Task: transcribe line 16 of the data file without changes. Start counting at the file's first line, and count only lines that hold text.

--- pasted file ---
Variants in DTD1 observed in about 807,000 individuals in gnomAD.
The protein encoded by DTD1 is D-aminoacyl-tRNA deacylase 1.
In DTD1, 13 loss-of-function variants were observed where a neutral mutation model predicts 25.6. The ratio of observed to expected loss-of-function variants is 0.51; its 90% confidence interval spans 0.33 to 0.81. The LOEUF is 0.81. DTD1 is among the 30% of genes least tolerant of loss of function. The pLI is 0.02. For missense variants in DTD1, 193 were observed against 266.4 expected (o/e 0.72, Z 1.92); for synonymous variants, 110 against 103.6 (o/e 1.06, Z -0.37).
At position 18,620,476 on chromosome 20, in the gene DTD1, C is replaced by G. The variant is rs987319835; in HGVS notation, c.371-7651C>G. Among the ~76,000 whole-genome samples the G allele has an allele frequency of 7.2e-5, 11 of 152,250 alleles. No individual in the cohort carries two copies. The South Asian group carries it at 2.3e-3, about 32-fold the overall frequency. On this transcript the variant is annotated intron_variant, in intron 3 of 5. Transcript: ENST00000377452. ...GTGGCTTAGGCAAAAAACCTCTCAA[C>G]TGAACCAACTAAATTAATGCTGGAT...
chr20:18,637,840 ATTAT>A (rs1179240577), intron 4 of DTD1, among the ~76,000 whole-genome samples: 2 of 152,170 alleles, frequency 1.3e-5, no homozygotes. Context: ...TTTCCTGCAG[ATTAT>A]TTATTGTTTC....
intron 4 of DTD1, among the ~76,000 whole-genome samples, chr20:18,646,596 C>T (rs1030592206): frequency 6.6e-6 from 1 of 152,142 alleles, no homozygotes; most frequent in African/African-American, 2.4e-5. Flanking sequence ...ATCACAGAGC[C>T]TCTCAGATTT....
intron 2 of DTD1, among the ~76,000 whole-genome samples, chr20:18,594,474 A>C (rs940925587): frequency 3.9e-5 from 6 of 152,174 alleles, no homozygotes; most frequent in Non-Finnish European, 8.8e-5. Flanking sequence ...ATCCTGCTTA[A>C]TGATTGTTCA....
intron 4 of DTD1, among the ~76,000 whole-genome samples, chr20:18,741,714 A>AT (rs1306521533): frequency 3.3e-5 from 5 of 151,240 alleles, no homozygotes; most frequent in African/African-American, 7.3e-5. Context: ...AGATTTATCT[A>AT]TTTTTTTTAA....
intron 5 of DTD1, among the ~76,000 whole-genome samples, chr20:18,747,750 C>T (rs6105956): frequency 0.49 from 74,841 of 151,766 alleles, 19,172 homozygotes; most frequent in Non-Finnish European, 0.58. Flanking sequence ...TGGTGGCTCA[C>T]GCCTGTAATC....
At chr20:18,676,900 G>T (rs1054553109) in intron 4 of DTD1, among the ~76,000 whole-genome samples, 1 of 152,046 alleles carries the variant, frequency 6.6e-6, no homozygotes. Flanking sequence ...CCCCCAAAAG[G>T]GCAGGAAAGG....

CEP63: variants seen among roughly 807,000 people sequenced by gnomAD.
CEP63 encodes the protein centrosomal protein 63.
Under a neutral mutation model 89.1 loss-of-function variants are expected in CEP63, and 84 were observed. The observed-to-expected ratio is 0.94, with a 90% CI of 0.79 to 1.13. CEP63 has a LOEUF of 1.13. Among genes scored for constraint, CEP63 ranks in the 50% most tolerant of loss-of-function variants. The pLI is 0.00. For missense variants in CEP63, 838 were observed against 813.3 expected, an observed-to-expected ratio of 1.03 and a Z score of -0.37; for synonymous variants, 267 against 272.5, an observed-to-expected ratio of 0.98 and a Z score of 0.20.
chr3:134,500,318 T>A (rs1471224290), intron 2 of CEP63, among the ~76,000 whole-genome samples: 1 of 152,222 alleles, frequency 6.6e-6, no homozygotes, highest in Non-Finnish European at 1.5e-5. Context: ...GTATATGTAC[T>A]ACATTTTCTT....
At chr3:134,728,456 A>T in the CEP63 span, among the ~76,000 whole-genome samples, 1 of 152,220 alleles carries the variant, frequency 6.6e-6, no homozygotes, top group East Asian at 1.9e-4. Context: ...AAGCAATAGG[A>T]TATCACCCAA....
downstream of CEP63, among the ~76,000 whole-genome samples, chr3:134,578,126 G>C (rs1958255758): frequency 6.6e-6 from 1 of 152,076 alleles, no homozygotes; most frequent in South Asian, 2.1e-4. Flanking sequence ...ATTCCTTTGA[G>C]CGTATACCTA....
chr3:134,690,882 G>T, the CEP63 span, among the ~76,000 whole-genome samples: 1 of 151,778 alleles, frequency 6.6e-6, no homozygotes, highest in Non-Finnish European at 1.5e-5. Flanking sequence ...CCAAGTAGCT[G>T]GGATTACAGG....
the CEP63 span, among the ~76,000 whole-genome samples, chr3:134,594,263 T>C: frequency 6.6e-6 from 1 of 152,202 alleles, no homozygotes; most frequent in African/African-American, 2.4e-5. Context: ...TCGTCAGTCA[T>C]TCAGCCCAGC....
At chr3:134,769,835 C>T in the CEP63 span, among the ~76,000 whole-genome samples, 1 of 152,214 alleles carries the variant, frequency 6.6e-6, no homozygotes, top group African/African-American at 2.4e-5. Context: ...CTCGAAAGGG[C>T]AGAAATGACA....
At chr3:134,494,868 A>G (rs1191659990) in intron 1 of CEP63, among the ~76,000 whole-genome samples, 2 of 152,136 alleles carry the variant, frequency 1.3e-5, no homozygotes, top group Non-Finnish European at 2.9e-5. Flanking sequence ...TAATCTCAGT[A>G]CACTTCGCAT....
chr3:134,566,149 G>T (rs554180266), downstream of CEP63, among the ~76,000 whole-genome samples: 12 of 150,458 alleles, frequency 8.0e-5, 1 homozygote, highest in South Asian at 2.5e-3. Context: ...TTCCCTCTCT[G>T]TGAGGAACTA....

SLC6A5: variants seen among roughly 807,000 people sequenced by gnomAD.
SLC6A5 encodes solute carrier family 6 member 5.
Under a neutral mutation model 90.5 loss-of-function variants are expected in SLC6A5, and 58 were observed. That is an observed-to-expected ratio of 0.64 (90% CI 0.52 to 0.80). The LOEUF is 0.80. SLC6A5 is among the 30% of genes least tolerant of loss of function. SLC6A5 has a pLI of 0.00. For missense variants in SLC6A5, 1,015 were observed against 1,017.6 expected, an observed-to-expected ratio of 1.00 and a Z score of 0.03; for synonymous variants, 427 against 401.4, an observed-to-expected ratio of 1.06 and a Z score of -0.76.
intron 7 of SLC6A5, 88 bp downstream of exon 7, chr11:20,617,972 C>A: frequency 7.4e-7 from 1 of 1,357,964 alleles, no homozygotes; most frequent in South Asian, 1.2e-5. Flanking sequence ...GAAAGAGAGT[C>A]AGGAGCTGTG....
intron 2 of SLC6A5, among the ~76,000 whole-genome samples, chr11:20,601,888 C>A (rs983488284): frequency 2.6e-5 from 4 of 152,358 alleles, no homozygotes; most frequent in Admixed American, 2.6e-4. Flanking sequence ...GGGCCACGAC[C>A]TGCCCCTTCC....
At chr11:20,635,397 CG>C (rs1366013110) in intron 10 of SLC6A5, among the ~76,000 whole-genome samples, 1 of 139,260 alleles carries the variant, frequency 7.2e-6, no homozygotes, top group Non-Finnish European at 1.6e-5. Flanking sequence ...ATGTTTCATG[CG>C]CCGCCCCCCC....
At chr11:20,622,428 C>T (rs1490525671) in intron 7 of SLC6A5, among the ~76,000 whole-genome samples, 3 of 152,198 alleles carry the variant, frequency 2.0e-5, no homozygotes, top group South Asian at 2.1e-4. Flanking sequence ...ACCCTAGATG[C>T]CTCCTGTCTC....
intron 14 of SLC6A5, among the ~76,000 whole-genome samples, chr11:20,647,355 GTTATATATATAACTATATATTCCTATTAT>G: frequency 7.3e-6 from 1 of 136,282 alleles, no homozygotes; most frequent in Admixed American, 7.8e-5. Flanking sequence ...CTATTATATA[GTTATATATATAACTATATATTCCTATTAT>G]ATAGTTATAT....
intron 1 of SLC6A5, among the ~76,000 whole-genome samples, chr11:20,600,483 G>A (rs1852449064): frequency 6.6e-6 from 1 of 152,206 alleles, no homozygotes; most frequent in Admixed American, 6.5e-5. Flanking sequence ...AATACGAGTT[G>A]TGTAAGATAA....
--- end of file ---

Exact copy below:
downstream of CEP63, among the ~76,000 whole-genome samples, chr3:134,578,126 G>C (rs1958255758): frequency 6.6e-6 from 1 of 152,076 alleles, no homozygotes; most frequent in South Asian, 2.1e-4. Flanking sequence ...ATTCCTTTGA[G>C]CGTATACCTA....